Lower thresholds for blood transfusions during cardiac surgery have proven to be safe and provide good patient outcomes compared to traditional thresholds, according to the largest research study ever performed in this area. ...

Study finds less blood can be used in heart operations

November 13, 2017
Heart surgery requires more blood transfusions than almost any other surgical procedure.

Sickle cell patients suffer discrimination, poor care—and shorter lives

November 13, 2017
For more than a year, NeDina Brocks-Capla avoided one room in her large, brightly colored San Francisco house - the bathroom on the second floor.

Fewer heart surgery patients may have to be exposed to blood transfusions, researchers say

November 13, 2017
Not as many heart surgery patients may need to be exposed to the potential dangers of blood transfusions, according to a new study that researchers say may change current practice.

Genetic mutation in extended Amish family in Indiana protects against aging and increases longevity (Update)

November 15, 2017
The first genetic mutation that appears to protect against multiple aspects of biological aging in humans has been discovered in an extended family of Old Order Amish living in the vicinity of Berne, Indiana, report Northwestern ...

Study finds that heart failure is more fatal in patients with type 2 diabetes

November 17, 2017
A new study has found that heart failure patients with pre-existing type 2 diabetes have higher hospitalisation and death rates, but that keeping blood sugars balanced can help lower the risk almost to that of heart failure ...

Recommended for you

Hibernating ground squirrels provide clues to new stroke treatments

November 17, 2017
In the fight against brain damage caused by stroke, researchers have turned to an unlikely source of inspiration: hibernating ground squirrels.

Age and gut bacteria contribute to multiple sclerosis disease progression

November 17, 2017
Researchers at Rutgers Robert Wood Johnson Medical School published a study suggesting that gut bacteria at young age can contribute to multiple sclerosis (MS) disease onset and progression.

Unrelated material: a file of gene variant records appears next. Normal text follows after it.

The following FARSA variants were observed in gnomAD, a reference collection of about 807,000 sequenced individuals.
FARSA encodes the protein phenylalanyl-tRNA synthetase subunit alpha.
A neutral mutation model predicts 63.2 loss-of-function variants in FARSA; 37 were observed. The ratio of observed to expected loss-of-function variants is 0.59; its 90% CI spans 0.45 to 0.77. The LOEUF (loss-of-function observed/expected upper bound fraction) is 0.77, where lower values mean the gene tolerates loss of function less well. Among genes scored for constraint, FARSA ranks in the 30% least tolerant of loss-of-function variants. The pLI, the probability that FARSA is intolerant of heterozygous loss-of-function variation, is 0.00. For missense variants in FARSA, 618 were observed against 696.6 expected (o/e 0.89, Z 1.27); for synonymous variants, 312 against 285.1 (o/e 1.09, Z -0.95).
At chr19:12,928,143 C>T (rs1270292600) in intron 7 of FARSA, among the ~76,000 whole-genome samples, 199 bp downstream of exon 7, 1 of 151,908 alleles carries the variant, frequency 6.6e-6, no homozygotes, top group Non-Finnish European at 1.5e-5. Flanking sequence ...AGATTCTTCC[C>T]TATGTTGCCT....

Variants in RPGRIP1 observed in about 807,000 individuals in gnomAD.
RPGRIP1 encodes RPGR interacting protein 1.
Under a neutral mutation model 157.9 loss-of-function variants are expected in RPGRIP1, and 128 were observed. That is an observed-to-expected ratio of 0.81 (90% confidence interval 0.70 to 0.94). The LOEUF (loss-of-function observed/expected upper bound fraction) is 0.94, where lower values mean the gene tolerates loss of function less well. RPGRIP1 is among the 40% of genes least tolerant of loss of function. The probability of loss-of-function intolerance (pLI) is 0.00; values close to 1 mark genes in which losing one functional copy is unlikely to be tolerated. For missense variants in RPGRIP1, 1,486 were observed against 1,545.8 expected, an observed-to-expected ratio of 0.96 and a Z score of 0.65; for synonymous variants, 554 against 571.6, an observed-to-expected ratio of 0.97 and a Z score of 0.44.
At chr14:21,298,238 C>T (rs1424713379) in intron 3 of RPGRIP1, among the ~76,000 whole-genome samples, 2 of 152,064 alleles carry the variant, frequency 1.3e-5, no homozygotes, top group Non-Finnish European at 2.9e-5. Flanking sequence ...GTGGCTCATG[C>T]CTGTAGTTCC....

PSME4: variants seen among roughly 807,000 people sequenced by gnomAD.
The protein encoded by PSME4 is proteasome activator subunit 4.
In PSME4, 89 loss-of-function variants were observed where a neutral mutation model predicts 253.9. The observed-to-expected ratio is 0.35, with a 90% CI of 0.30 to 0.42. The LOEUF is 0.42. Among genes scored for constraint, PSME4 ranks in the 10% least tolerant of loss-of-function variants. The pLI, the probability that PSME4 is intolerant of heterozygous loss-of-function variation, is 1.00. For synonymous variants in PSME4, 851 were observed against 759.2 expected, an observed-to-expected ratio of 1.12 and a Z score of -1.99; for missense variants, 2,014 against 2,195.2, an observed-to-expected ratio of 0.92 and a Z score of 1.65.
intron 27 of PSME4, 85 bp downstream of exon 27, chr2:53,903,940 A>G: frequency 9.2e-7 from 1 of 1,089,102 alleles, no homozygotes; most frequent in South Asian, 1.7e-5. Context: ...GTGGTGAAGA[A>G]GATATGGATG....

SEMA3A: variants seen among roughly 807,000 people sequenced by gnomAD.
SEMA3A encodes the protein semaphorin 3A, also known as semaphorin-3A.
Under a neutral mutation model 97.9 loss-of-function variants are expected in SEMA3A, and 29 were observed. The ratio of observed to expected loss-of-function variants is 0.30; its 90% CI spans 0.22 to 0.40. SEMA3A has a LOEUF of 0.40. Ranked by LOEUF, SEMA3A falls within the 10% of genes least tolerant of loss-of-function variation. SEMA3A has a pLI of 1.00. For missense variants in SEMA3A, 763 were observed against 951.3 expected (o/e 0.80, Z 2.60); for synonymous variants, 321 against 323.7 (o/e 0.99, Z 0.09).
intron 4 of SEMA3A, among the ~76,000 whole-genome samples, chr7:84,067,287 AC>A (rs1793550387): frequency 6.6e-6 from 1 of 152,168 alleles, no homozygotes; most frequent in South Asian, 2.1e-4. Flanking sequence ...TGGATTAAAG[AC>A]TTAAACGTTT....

Molecular guardian defends cells, organs against excess cholesterol

November 16, 2017
A team of researchers at the Harvard T. H. Chan School of Public Health has illuminated a critical player in cholesterol metabolism that acts as a molecular guardian in cells to help maintain cholesterol levels within a safe, ...

Prototype ear plug sensor could improve monitoring of vital signs

November 16, 2017
Scientists have developed a sensor that fits in the ear, with the aim of monitoring the heart, brain and lungs functions for health and fitness.

Ancient enzyme could boost power of liquid biopsies to detect and profile cancers

November 16, 2017
Scientists are developing a set of medical tests called liquid biopsies that can rapidly detect the presence of cancers, infectious diseases and other conditions from only a small blood sample. Researchers at The University ...

FDA to crack down on risky stem cell offerings

November 16, 2017
U.S. health authorities announced plans Thursday to crack down on doctors pushing stem cell procedures that pose the gravest risks to patients amid an effort to police a burgeoning medical field that previously has received ...

0 comments

Please sign in to add a comment. Registration is free, and takes less than a minute. Read more

Click here to reset your password.
Sign in to get notified via email when new comments are made.